Basic Recipe For A Healthy Relationship

by | Feb 5, 2018 | Relationships, Uncategorized | 0 comments

​*One mature adult
*Another mature adult
*Mix

A healthy relationship is often referred to as the union between two mature adults.

But what IS a mature adult?

Someone old enough to drive? Old enough to vote? Rich enough to finance kids?

An eclectic definition, once offered, states that adult maturity involves the ability to take responsibility, make logical decisions, empathise with others, accept minor frustrations, accept one’s social roles, and know oneself (secure identity).

Why take responsibility in marriage?
Nature offers some insight. A marriage is not a union of parasites. In nature, dependent ticks feed off dogs – a one-sided benefit to the detriment of the other. Rather we are to be like the symbiotic and equally beneficial relationship that exists between the ox and the ox pecker. We each take responsibility for our own thoughts, feelings and actions and then we come together in an interdependent and mutually satisfying relationship where both parties gain.

Why make logical decisions in marriage?
Because we are not children. We aren’t meant to have self-serving emotional knee-jerk reactions to situations that don’t please or suit us. We are to exercise self-restraint and engage our minds, so that heartfelt reactivity can be delayed long enough to appeal to rational, reasonable and well thought out cognitive responsiveness.

Why empathise with others in marriage?
Because it’s no longer all about ME. Our task as married partners (and indeed as humans) is to engage in the US: cooperative, mutually beneficial living rather than competitively, where we deliberately assign room for only one beneficiary in the relationship. We understand that life is difficult at times. We recognise the struggles of others because we have insight into our own struggles and can relate. We do to and for others, therefore, what we would appreciate done to or for us.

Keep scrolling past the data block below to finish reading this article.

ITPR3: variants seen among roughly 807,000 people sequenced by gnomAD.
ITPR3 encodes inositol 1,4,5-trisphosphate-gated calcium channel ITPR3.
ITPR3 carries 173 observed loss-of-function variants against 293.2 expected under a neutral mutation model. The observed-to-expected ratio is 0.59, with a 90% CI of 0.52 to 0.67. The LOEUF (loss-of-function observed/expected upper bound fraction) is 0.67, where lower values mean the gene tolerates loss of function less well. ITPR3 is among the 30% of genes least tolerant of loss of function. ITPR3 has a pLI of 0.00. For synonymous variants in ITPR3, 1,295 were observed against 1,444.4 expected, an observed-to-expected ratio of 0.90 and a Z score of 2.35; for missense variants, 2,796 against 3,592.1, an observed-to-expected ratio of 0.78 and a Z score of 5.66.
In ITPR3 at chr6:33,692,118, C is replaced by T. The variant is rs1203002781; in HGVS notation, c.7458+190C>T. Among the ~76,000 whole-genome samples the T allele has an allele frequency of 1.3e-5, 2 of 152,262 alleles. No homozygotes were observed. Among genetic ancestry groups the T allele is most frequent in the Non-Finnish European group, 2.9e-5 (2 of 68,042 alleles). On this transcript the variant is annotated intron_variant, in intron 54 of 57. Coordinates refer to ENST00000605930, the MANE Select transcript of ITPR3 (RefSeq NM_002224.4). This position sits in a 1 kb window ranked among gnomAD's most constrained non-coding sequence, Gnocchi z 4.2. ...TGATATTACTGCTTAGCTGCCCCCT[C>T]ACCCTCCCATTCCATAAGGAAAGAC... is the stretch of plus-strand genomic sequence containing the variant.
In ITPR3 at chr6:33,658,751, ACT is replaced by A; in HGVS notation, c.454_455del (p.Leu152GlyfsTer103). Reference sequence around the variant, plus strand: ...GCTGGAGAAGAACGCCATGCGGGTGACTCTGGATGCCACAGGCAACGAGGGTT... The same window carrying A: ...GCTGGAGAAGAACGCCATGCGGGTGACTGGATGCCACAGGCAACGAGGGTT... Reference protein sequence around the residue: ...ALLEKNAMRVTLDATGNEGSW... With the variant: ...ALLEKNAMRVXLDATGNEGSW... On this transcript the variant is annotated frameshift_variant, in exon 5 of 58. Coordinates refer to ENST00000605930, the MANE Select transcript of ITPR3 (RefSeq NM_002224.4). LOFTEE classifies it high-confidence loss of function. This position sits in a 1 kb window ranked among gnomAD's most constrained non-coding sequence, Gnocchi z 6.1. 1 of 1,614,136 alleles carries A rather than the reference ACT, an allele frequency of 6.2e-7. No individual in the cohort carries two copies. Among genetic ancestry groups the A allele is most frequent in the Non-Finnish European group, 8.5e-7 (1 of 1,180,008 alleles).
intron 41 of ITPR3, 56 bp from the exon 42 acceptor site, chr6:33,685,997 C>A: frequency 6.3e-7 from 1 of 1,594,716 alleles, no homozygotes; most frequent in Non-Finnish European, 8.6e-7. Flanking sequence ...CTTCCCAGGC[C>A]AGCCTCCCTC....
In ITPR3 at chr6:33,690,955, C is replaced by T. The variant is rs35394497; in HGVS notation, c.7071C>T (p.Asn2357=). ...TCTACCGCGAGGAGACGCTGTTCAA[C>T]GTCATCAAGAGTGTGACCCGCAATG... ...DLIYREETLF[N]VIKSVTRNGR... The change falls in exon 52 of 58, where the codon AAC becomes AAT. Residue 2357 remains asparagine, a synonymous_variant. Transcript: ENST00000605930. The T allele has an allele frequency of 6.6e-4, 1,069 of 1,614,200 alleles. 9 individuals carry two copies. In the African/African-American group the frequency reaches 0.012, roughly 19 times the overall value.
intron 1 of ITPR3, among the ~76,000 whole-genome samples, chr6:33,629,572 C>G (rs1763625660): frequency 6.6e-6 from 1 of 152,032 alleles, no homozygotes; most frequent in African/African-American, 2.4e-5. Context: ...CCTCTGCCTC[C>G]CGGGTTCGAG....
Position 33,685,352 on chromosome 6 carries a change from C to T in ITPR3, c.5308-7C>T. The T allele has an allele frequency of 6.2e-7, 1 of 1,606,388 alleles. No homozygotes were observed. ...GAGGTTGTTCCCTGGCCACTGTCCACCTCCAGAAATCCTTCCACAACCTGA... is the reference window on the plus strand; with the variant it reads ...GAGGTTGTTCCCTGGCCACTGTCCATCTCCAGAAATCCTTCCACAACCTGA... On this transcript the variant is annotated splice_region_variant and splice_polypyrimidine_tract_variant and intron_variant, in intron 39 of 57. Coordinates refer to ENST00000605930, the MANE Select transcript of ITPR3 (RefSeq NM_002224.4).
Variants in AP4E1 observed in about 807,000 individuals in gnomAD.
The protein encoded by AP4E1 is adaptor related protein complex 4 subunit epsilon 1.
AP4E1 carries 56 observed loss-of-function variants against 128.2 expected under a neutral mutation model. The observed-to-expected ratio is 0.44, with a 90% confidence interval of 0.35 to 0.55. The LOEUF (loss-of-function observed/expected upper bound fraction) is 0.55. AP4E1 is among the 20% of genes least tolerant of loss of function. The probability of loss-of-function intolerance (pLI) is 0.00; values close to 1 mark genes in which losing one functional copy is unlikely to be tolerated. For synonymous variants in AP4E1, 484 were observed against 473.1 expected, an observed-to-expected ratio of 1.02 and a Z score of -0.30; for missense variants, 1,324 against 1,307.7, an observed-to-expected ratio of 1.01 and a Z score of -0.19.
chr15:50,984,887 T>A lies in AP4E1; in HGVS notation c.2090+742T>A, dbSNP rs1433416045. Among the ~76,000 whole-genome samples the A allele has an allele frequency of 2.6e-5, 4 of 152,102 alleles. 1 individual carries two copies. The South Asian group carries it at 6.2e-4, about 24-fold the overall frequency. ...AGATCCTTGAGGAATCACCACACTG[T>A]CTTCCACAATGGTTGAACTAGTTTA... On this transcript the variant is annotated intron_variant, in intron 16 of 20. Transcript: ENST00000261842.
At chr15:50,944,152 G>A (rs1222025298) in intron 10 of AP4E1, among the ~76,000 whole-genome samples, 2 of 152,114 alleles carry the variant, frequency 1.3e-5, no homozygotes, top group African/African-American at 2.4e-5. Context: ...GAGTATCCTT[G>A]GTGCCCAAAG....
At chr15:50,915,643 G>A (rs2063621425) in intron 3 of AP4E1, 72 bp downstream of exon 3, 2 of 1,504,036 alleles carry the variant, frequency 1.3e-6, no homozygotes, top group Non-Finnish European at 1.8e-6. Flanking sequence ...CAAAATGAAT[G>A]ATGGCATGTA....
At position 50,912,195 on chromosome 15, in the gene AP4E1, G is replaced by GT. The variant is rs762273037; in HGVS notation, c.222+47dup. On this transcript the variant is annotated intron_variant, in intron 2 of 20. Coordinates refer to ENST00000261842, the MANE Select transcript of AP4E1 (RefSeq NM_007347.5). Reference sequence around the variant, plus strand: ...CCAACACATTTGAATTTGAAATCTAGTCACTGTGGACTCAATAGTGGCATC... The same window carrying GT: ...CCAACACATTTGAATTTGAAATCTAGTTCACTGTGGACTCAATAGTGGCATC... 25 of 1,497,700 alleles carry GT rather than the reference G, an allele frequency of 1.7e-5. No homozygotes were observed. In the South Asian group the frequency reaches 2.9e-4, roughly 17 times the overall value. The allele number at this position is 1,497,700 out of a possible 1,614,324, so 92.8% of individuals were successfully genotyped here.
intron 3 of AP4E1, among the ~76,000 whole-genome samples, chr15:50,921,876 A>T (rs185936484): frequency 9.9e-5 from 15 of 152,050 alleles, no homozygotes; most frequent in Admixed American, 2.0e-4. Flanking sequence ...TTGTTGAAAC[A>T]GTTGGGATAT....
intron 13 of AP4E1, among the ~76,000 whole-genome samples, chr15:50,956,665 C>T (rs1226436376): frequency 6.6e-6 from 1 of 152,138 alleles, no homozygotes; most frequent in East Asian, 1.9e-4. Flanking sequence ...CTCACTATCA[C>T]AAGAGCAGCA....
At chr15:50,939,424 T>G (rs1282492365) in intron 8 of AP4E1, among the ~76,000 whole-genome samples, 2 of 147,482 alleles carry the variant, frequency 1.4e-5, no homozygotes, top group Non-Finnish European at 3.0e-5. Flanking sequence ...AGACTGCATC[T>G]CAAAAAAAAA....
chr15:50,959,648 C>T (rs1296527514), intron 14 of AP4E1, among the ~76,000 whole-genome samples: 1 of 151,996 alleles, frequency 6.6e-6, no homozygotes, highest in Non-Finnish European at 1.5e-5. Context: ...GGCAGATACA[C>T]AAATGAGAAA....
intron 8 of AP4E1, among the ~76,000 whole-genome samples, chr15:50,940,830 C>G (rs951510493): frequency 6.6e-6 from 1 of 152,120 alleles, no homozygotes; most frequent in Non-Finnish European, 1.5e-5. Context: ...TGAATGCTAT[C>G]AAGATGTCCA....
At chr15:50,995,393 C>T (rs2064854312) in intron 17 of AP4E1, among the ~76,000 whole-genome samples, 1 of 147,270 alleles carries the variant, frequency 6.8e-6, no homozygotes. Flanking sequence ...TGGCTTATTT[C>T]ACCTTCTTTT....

Why accept minor frustrations in marriage?
Because we don’t live in utopia. We understand that life and people aren’t perfect. So we give grace to the minor imperfections that exist, as opposed to torment our partners into unrealistic and unattainable perfection. We do this because we stand before a mirror and recognise that the person staring back at us in the reflection is also imperfect!

Why accept one’s social roles in marriage?
Because men and women are distinctly different. They were made differently to fulfil different purposes in their marriages. Accepting and accommodating these differences (and how these are executed within the context of marriage) is the key to success with the opposite gender. We recognise that the two genders have complementary (not competitive) roles and so we seek to fulfil our own unique roles in the marriage, while encouraging and supporting our different partners to fulfil their different unique roles.

Why know oneself and have a secure identity in marriage?
Because we don’t get married to MAKE EACH OTHER HAPPY. Happiness is largely a choice. We seek to know ourselves and create our own happiness, within the context of consideration for our partners. Our partners seek to know themselves and create their own happiness, within the context of consideration for us. With little else added to that, security can be established.
Selfish ME gives way to Selfless US.

“In youth you find out what you care to do and whom you care to be – even in changing roles. In young adulthood you learn whom you care to be with – at work and in private life, not only exchanging intimacies but sharing intimacy. In adulthood, however, you learn to know what and whom you can take care of” (Erikson, 1973)

​Written by Debbie Collaros, Psychologist

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